that the retain for the ensuing year
be fixed at 2c per box, and
"WHEREAS a review of the
financial condition of the Associa-
tion at the present time reveals the
probability that the Association will'
close its fiscal year on June 30 with
a carry-over cash balance of not less
than $150,000, and
"WHEREAS we confidently be-
lieve and expect, on a retain of 2c
per box, that the Association will
be able to keep its entire present
membership and increase both its
membership and tonnage, with an
expected income from a 2c retain
during the next marketing season of
not less than $300,000, and
"WHEREAS in our judgment
this will produce sufficient revenue
to carry on all of the activities of
the Association as now contem-
plated,
"THEREFORE, BE IT RESOLV-
ED, that in reducing the retain to
2c a box it is done with the purpose
of effecting certain economies of
administration, with the hope of in-
creasing its membership, and with-
out any intention on the part of the
Board of Directors of abandoning
any of the activities for which the
Association exists."
It was then moved that a copy of
this resolution be mailed to each
grower-member of the Association.
Other business considered by the
Directors included instructions that
a committee comprised of Messrs.
Woolfolk, Chase and Gentile con-
tinue negotiations begun some time
ago to obtain the services for the
Clearing House of an entomologist
to serve in the present fruit fly
emergency; the matter of a crop es-
timate and the presentation by
Chairman J. C. Morton of the Com-.
mittee of Fifty of a resolution pass-
ed by that group recommending that
the Board of Directors retain the
present Manager in office during the
coming year.


May 10, 1930


Page 4





May 10, 1930

CONGRESSMAN WOOD
CONSENTS TO $1,740,000
FUND FOR FIGHT ON FLY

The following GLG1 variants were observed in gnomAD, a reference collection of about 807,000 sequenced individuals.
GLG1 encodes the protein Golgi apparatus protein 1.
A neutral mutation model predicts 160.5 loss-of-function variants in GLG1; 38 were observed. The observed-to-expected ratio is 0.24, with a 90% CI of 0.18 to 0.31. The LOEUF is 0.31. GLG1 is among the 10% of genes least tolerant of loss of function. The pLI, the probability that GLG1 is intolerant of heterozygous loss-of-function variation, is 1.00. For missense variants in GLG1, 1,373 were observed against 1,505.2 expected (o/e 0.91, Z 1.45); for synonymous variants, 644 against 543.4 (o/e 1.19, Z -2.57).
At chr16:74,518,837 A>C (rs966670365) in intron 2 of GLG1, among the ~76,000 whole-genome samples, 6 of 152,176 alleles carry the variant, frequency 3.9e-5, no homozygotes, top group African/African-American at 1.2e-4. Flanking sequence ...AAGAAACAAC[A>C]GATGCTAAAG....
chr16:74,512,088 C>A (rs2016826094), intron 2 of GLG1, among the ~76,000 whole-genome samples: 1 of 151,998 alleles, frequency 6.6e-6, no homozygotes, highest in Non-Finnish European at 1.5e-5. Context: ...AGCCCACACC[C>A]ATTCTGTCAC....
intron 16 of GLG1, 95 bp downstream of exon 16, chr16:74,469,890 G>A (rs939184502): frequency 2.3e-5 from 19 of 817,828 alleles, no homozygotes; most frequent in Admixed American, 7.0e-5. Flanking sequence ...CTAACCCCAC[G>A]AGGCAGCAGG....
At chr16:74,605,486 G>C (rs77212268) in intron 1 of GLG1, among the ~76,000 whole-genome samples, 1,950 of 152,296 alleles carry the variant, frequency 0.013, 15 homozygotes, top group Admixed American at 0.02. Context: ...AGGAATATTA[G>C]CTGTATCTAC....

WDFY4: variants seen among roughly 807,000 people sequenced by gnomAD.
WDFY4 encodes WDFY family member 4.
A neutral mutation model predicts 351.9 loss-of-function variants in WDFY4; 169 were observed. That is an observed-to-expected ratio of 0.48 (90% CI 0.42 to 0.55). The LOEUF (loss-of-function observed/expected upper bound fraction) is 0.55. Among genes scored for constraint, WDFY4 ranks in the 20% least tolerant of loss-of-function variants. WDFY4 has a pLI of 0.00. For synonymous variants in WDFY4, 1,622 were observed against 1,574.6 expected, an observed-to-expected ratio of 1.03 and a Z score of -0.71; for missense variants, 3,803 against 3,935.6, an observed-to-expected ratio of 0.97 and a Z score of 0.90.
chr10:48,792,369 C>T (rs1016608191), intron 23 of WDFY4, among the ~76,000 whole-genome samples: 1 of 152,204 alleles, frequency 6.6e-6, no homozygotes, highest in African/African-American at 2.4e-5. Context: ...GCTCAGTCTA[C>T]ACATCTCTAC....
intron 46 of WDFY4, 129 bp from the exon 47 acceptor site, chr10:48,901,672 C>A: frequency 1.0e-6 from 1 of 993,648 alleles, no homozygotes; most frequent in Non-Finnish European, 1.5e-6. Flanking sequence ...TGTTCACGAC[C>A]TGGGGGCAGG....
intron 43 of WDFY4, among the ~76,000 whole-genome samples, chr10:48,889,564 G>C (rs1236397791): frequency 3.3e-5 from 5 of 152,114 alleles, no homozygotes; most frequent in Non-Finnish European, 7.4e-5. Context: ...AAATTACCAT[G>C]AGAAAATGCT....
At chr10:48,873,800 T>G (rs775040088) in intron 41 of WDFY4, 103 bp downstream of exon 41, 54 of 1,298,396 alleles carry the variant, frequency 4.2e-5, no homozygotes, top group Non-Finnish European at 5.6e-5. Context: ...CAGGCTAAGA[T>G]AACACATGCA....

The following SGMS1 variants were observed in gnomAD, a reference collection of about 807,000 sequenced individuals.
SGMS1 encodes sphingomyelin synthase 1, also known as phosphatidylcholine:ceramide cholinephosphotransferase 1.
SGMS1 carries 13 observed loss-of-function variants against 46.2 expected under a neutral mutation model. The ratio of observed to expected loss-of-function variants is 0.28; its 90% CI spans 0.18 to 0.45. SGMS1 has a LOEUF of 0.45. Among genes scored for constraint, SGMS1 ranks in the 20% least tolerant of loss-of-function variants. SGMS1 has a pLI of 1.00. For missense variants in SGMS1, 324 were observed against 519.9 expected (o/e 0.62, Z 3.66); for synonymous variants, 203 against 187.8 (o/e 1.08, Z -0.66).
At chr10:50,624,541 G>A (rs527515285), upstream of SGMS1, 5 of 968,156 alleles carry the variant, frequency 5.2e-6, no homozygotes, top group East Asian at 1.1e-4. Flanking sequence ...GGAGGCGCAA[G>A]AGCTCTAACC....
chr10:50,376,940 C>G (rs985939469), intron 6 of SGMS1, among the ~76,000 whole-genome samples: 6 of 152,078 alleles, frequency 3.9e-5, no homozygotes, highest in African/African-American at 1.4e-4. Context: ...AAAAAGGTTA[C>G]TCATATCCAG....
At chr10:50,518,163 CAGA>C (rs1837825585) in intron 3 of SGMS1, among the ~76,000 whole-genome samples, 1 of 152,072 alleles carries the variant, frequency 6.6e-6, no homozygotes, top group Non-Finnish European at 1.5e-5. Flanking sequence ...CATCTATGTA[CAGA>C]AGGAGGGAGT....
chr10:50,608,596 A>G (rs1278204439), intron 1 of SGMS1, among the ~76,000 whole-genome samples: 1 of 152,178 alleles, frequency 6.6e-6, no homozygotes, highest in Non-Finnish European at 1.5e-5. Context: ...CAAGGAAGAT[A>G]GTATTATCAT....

(Continued from Page One)
CHANCES if you want to live
profitably as a grower and citizen.
"Get That Fly!"
While no definite plans as to how
the campaign will be carried on
have been announced from Wash-
ington, it is quite likely that the
Fruit Fly Board's first duties will
Sbe to start active search for the fly
itself. Inspection was halted March
26, when funds gave out. Since
that date the flies, if any there be of
course, have had free license to
breed and travel as they saw fit.
SHence it is that, while clean-up work
will be pushed and encouraged to
the limit, it is quite likely that ac-
tual search for the fly also will be
started.
Leading up to the appropriation
have been many interesting episodes,
some of the most recent being a res-
Solution from the Committee of Fifty
which was interpretated by Acting
Secretary Dunlap and Wood as indi-
cated in the following correspond-
ence.
Possibly the earnest, sharp answer
to Wood by Mr. "Scotch," Chair-
man of the Committee of Fifty,
would be modified today as this goes
Sto press in the light of the agree-
ment reached but it all had its ef-
fect and is given as bearing on the
final decision which will doubtless
be ratified immediately by Congress.
The Committee of Fifty resolu-
tion under the discussion following
reads:
"In view of the fact that the time
of discovery, the last finding to-
gether with the progress of eradica-
tion of the Mediterranean fruit fly
is in fact now and has been plainly
before every branch of the Depart-
ment of Agriculture, the State Plant
Board, and the forces in the eradi-
cation work; and, that if it exists at
all, its spread is slow and not dan-
gerous; and, since the rigid quaran-
tine regulations which have cost the
main industry of the state many
millions in money and have given
the citrus industry much adverse
publicity, and need for which no
longer exists, we, the Committee of
Fifty representing ten thousand cit-
rus growers of Florida pray and